The Blanket

The Blanket - A Journal of Protest & Dissent

Interview with Michael McKevitt

Forum Magazine recently interviewed Michael McKevitt, who in August 2003 was convicted, on the evidence of the MI5/FBI paid perjurer, David Rupert, of directing an IRA breakaway faction opposed to the Belfast Agreement. Michael McKevitt is currently serving a 20-year prison sentence in Portlaoise Prison, Ireland.

Forum Magazine • April-May 2006

FM: Gerry Adams believes the Belfast Agreement contains the potential to deliver republican objectives. Do you agree?

MMcK: Adams recently described the Belfast Agreement as "an agreement to a journey, but not a destination". Well, this particular journey has copper-fastened partition and has led republicanism up a political cul-de-sac. The Agreement will not deliver republican objectives. Indeed it is contrary to republican principles to seek to redress the questions of independence and national reunification within the terms prescribed by the Belfast Agreement. The Agreement stipulates that Irish unification will not transpire until a majority within the six counties supports such a political outcome. This represents an anti-democratic unionist veto on reunification; a veto which is now entrenched in Irish and British constitutional law. The existence of this veto acts as a permanent bloc on unity and is an invitation to unionists to say no in perpetuity. The people of the island of Ireland have an inalienable right to national self-determination, free from external impediment. This political unit is the only democratic channel through which the future of Ireland should be decided. Under no circumstances should a unionist or any other majority within six of the nine counties of Ulster be permitted to exercise a veto on an independent, united Ireland.

FM: Do demographic trends within the north hold out any prospect of progress towards unity?

MMcK: Prominent Sinn Fein spokespersons occasionally point to demographic trends within the north as proof that the Belfast Agreement can deliver republican objectives. In fact Adams recently claimed that unionist majority status may be becoming somewhat precarious. Notwithstanding the totally spurious nature of these claims, this battle of the cradle type politics is totally abhorrent. Republicans should move beyond this type of narrow sectarian politics and move beyond the terms of the Belfast Agreement when seeking to redress partition and reunification. It is the people of the island of Ireland as a whole - and not an artificially created majority within the six counties - that should decide the political future of this country. Republicans and anti-imperialists must not be diverted from this fact.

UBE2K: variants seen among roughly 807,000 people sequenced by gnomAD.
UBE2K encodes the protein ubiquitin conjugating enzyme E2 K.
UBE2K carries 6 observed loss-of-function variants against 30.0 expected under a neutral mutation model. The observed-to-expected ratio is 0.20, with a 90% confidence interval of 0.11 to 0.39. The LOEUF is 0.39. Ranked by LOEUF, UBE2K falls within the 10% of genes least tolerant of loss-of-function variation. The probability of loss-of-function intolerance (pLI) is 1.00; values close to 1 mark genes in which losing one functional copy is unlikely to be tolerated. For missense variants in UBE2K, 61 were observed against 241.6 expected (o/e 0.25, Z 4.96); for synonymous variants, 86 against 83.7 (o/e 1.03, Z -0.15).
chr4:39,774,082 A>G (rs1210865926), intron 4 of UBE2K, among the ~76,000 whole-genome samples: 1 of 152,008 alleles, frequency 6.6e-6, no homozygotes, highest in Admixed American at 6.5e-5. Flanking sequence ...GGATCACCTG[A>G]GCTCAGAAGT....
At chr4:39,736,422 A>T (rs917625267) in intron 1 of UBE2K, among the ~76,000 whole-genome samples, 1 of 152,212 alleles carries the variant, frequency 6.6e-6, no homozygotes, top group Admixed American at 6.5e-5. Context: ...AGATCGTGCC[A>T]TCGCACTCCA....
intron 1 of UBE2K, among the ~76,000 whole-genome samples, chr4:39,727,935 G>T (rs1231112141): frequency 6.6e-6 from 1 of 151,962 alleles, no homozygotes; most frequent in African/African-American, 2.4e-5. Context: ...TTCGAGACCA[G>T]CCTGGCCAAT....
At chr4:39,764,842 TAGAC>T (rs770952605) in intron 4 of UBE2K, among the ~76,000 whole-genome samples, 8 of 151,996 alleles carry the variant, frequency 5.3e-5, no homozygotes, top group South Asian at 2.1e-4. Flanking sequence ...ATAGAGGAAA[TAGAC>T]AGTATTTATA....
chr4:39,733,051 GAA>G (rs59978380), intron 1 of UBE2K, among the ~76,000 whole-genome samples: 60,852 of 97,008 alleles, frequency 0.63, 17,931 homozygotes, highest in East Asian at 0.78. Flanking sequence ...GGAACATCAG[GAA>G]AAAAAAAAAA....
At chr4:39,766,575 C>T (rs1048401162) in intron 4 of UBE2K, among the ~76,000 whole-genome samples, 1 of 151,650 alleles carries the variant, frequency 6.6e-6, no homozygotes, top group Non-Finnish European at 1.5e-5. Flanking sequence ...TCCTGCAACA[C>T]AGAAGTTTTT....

Those republicans who support the Belfast Agreement, and who are pinning their hopes on future demographic shifts within the north, should ask themselves whether they really believe the British government will withdraw from Ireland in the event of a 50% plus 1 scenario, as repeatedly forecast by numerous Sinn Fein spokespersons. Do they really believe the southern establishment has the political will or appetite to move towards unity on this basis? Over the coming years unionism will seek to shift the goalposts on the future of the north's constitutional status from the present scenario in which it is decided by a majority within the six counties to one where future constitutional change it is dependent on dual majority consent within both communities. Have no doubt, unionism will attain support for this position from the London and Dublin governments, both of whom are hostile to the emergence of an independent, united Ireland.

FM: Martin McGuinness maintains that, while the peace process has involved difficult decisions for republicans, the Agreement is working. Do you agree?

MMcK: The British state views the peace process as war by another means. It has relentlessly pursued its war objectives under the banner of the peace process - and it must be added, with some degree of success. This process has witnessed the provisionals abandon Irish unity and agree to administer British rule in Ireland for the foreseeable future. The provisionals have also endorsed the entrenchment of British sovereignty over the north and accepted the anti-democratic unionist veto on Irish independence. They are about to accept a reformed RUC and an expanded role for MI5 in the north. The surrender of their entire arsenal, weapons which were procured to end British rule, was the price they paid for the implementation of an equality agenda within the British six-county state and for access to power north and south. In the negotiating rooms of Stormont Castle, the British state - in tandem with unionism - inflicted the political and military defeat upon the provisionals which it could not achieve in the field. What McGuinness refers to as difficult decisions could be more aptly described as a wholesale political and military capitulation. It is somewhat surprising that Trimble was treated with derision within unionism for having negotiated the Belfast Agreement. Instead of highlighting the ideological compromises which he and the British state forced the provisional leadership to swallow, he conducted what seemed to be an almost permanent rearguard action. In contrast Adams and McGuinness cleverly repackaged a resounding political defeat and sold it to their constituency as victory.